North Carolina wants US to recover millions in overpayments to hospitals

Leo Vartorella - Print  | 

North Carolina Treasurer Dale Folwell called for the U.S. Justice Department to push  all hospitals in his state to be transparent in their pricing and take action against  the ones overpaid by the state's health plan.

The request comes after Charlotte, N.C.-based Atrium Health settled a lawsuit brought by the U.S. and North Carolina justice departments. The lawsuit challenged the system's contracts with many major insurers, alleging they included antitrust provisions.

Earlier this year, the State Health Plan submitted a public records request to Chapel HIll, N.C.-based UNC Health Care for a copy of its contract and fee schedule with Blue Cross NC, the third-party administrator for the plan. The system provided redacted information with no prices.

"For decades, the largest public hospital system in North Carolina has been engaging in this and other anti-competitive activities," said Mr. Folwell. “In the spirit of this settlement, I'm calling on all North Carolina hospitals to be transparent and to publish their pricing so consumers can make informed decisions regarding healthcare. I'm also calling for the United States Department of Justice and the North Carolina Department of Justice, on behalf of the State Health Plan, to recover the potentially hundreds of millions overcharged to consumers by hospital management from this illegal activity."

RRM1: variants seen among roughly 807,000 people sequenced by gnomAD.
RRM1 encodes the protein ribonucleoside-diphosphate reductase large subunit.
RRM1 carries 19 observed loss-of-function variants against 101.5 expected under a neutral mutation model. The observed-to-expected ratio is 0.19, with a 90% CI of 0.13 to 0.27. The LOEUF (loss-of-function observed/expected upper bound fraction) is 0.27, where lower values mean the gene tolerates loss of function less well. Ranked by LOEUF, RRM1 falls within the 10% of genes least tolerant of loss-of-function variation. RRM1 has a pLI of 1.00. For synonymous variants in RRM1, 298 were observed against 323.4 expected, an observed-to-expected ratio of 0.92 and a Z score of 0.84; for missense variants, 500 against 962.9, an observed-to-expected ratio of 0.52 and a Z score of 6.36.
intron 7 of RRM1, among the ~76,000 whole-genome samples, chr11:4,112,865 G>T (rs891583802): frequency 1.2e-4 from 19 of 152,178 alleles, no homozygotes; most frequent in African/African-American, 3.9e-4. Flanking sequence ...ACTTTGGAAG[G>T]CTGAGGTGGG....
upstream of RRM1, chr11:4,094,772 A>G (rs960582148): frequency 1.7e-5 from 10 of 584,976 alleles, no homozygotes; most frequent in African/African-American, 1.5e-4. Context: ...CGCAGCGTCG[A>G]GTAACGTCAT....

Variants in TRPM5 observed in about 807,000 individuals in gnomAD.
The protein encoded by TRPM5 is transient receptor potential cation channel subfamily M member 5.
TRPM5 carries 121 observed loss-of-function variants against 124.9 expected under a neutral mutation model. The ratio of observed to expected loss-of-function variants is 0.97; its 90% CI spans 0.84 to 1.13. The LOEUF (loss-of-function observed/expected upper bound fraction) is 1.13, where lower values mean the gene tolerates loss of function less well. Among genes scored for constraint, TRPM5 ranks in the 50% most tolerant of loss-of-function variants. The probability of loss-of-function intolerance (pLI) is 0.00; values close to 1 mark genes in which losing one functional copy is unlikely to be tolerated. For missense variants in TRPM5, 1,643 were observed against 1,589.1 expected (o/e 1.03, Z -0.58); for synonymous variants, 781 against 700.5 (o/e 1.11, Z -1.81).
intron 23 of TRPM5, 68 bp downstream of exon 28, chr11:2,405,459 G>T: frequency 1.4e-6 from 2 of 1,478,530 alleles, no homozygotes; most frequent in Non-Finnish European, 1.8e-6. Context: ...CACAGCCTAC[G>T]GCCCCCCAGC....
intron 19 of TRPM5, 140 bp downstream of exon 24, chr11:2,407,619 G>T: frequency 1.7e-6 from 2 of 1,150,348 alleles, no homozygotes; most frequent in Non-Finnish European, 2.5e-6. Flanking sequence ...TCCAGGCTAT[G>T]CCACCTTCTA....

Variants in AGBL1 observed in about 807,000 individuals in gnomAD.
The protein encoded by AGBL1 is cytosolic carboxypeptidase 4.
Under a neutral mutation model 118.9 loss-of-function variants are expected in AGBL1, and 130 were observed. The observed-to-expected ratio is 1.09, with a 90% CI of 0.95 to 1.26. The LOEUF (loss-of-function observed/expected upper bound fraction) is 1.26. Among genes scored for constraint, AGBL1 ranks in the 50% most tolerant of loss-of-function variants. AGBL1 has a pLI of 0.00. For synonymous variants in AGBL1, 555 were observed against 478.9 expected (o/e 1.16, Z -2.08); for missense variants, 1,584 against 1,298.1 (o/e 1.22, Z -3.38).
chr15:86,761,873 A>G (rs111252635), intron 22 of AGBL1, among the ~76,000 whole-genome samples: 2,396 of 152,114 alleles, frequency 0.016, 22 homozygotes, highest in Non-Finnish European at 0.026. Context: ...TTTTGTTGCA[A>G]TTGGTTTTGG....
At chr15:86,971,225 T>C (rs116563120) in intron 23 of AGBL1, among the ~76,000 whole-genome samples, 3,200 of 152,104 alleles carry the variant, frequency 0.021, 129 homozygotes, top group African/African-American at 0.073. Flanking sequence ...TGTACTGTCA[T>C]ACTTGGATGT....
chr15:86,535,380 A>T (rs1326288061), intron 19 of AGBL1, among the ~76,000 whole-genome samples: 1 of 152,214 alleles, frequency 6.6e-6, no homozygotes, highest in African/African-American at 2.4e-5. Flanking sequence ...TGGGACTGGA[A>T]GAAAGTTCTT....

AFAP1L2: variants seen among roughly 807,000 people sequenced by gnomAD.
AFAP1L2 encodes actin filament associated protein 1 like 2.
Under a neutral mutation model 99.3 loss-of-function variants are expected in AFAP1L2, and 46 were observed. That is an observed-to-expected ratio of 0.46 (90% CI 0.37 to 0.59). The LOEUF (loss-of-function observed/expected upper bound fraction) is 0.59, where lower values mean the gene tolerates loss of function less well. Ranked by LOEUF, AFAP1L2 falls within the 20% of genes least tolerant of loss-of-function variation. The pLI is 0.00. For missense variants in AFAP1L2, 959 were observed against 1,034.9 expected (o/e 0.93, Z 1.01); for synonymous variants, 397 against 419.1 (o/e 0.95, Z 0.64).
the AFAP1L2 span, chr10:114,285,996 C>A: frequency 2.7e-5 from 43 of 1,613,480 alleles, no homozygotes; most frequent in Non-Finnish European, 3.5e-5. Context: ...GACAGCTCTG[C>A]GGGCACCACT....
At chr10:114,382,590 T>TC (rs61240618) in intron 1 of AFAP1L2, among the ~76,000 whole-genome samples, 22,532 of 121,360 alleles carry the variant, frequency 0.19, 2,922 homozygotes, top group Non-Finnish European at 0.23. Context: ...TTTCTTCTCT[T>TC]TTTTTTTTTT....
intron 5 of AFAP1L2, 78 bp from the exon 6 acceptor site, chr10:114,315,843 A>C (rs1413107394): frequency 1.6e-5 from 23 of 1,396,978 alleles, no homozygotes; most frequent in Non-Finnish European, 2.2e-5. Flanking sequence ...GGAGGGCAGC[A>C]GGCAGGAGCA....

Mr. Folwell said that unless action is taken to increase price transparency, the effect of healthcare costs on the state's budget will affect other areas of government.

“In North Carolina, we already spend $3.4 billion a year in taxpayers' money for state employees and retiree health care. Additionally, we owe $30 billion for long-term health care costs, and we don't even know what we're supposed to pay for medical services," said Mr. Folwell. “If something isn't done now, then other core functions of government like education, public safety and roads will be financially impacted."

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